All you need to know about the personal savings allowance

Advice from the experts at MoneySuperMarket

Updated: 
Happy young man putting money in piggy bank isolated white

The financial year started on 6th April and with it a new tax year and new savings regulations. Stop yawning! There is actually a lot to celebrate for the nation's savers. In particular, any interest earned on savings will be tax-free, up to the saver's annual personal savings allowance (PSA).

How much is the PSA?

If you're a basic rate taxpayer i.e. you earn less than £43,000 pounds a year – you can earn £1,000 in savings interest each year without seeing tax deducted.

Previously, you would have paid 20% in tax. Only non-taxpayers were able to receive interest 'gross' (with no tax deducted), and only then after filling in a form.

If you're a higher-rate taxpayer earning more than £43,000 a year, you can earn £500 in savings interest tax-free.

The news isn't so cheery for those on the additional rate of tax, which is levied at 45% on earnings above £150,000 per annum – they have no PSA and must account for any tax they owe through their annual tax return.

How do I get tax-free interest?

The good news is, the PSA works automatically. You will continue to earn your interest without deduction of tax – often referred to as 'gross' – until you breach the £1,000 or £500 limit.

At that point, your tax code will be adjusted by HMRC to take the tax you owe.

For up to 95% of the population, this isn't going to be an issue. As a basic rate tax payer earning about 1.5% on a typical savings account, you'd need to have a balance of well over £60,000 before you earned £1,000 in interest.

Higher rate taxpayers would need well over £30,000 of savings earning this rate before they approached the £500 interest level.

What kind of accounts are included?

The PSA applies to all savings interest, whether it's from a savings account, a fixed-term savings bond, your current account or credit union account, or from peer-to-peer lending.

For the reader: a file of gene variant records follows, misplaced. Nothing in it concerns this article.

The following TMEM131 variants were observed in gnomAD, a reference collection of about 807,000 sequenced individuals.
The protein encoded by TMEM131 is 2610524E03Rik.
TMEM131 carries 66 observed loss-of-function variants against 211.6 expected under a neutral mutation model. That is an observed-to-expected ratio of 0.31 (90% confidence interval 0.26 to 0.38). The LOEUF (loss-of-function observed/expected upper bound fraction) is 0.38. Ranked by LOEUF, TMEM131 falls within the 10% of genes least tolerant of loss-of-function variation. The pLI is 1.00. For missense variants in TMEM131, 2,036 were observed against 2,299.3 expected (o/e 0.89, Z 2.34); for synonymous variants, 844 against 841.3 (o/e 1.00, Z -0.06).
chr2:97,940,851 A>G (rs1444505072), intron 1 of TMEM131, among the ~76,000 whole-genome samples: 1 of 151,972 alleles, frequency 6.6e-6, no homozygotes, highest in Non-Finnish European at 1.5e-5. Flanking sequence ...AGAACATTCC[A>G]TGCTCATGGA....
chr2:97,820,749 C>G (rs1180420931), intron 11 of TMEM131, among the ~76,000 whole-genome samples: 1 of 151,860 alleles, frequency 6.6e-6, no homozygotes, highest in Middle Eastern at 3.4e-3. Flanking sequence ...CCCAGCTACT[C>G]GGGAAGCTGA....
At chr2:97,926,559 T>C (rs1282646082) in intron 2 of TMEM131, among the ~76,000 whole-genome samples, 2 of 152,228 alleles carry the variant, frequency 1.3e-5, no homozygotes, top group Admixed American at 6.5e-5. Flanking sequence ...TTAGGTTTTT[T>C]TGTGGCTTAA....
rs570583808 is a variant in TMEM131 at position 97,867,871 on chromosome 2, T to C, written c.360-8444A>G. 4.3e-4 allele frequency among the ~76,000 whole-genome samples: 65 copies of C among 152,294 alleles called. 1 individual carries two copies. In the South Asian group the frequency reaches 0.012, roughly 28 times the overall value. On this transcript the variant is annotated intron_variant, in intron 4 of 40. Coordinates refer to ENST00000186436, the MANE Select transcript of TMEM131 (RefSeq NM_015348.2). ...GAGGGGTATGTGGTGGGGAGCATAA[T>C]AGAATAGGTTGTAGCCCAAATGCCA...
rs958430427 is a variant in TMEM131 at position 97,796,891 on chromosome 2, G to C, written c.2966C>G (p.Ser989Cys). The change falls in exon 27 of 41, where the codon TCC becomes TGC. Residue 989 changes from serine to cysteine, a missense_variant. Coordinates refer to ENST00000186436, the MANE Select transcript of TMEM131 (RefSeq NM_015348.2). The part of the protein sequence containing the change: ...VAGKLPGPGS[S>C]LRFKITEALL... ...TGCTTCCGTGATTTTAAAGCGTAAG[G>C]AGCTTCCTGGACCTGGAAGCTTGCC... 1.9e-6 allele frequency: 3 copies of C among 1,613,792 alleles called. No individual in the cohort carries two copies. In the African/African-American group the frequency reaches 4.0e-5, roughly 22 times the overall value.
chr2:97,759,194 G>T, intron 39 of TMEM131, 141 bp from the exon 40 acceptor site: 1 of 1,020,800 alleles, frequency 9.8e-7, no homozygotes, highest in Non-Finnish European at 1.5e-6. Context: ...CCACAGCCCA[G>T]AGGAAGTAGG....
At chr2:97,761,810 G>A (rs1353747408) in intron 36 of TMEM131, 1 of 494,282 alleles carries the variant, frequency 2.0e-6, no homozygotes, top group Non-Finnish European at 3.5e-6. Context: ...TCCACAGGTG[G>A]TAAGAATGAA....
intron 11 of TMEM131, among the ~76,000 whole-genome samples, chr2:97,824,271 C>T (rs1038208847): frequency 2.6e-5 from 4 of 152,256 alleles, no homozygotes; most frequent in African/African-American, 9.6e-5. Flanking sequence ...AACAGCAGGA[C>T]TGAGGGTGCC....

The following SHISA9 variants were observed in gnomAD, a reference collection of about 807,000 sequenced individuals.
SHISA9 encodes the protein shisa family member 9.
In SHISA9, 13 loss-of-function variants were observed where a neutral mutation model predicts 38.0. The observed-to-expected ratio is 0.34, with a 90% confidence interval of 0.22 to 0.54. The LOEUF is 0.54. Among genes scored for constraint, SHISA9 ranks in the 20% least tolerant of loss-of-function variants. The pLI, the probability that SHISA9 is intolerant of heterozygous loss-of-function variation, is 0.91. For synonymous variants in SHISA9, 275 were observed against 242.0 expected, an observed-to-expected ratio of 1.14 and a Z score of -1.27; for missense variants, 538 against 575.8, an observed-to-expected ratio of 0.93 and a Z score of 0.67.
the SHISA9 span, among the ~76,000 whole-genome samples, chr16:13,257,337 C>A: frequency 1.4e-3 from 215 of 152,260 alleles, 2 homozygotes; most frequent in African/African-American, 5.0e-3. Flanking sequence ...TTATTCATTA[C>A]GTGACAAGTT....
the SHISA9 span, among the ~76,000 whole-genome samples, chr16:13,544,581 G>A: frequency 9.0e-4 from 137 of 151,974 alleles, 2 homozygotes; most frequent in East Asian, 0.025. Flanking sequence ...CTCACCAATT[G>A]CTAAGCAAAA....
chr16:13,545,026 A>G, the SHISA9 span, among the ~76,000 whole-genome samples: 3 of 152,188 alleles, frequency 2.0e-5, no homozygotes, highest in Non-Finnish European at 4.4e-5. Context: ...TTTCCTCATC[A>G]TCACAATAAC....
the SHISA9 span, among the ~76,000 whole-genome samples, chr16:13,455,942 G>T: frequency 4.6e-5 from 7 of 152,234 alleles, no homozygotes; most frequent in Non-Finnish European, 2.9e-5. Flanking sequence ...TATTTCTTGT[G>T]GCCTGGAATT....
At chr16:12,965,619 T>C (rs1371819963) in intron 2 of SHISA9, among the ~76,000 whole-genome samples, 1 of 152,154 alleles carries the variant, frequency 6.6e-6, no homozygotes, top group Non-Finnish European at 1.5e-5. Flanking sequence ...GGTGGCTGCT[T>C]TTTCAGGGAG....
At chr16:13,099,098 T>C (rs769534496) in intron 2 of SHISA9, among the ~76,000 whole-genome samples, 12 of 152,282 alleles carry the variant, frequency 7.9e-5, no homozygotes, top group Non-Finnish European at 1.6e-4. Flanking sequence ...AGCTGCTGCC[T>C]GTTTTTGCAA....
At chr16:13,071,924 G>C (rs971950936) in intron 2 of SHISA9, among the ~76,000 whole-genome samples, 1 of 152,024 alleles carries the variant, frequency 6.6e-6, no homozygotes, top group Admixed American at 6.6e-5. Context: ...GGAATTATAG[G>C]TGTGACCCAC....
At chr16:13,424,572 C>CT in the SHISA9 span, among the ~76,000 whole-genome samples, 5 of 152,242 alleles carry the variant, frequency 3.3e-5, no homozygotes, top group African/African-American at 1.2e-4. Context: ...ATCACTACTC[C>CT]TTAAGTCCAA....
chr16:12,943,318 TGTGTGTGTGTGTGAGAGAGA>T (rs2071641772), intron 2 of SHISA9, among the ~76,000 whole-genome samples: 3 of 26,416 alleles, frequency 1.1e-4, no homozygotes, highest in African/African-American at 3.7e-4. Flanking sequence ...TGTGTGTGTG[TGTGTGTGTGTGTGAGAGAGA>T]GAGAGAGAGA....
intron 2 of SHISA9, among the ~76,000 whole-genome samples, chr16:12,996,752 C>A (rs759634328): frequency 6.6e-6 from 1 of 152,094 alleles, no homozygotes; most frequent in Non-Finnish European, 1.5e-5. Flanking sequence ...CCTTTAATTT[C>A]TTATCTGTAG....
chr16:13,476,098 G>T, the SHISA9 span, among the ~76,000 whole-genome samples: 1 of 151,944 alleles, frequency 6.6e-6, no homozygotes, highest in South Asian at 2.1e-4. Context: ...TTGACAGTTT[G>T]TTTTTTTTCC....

If you have a mix of accounts, the interest you earn from all of them will be added to a single pot to calculate the total you're getting each year.

If you already have savings that are yielding tax-free interest, such as an individual savings account or Premium Bond winnings, note that the interest you earn here won't count against your PSA allowance.

So regardless of what you get from your ISAs or Premium Bonds, you'll still have £1,000 of £500 of PSA to apply to other accounts.

I haven't been paying tax on my savings interest – how am I affected?

Anyone with total taxable income from earnings and savings of less than £16,000 a year shouldn't pay tax on any of their income.

This figure is made up of the income tax personal allowance of £11,000 that everyone receives, plus a £5,000 starting rate limit for savings income.

In effect, nothing has changed for you now the personal savings allowance has been introduced.
But you'll no longer need to tell your bank or building society that you're a non-taxpayer.
So are ISAs still worthwhile?

Yes. The PSA is very much the creation of the present government, and there is no guarantee it will survive in the long term. ISAs, however, have grown much deeper roots in the nation's financial landscape.

And while you need substantial savings to use your PSA, remember that, if and when interest rates start to rise, the amount you'll need on deposit to breach the threshold of £1,000 or £500 will reduce.

And the tax-free interest you earn on your ISA or Premium Bond can simply be seen as the tax-free icing on the cake of your PSA.

Check out great deals on current accounts, savings and ISA's.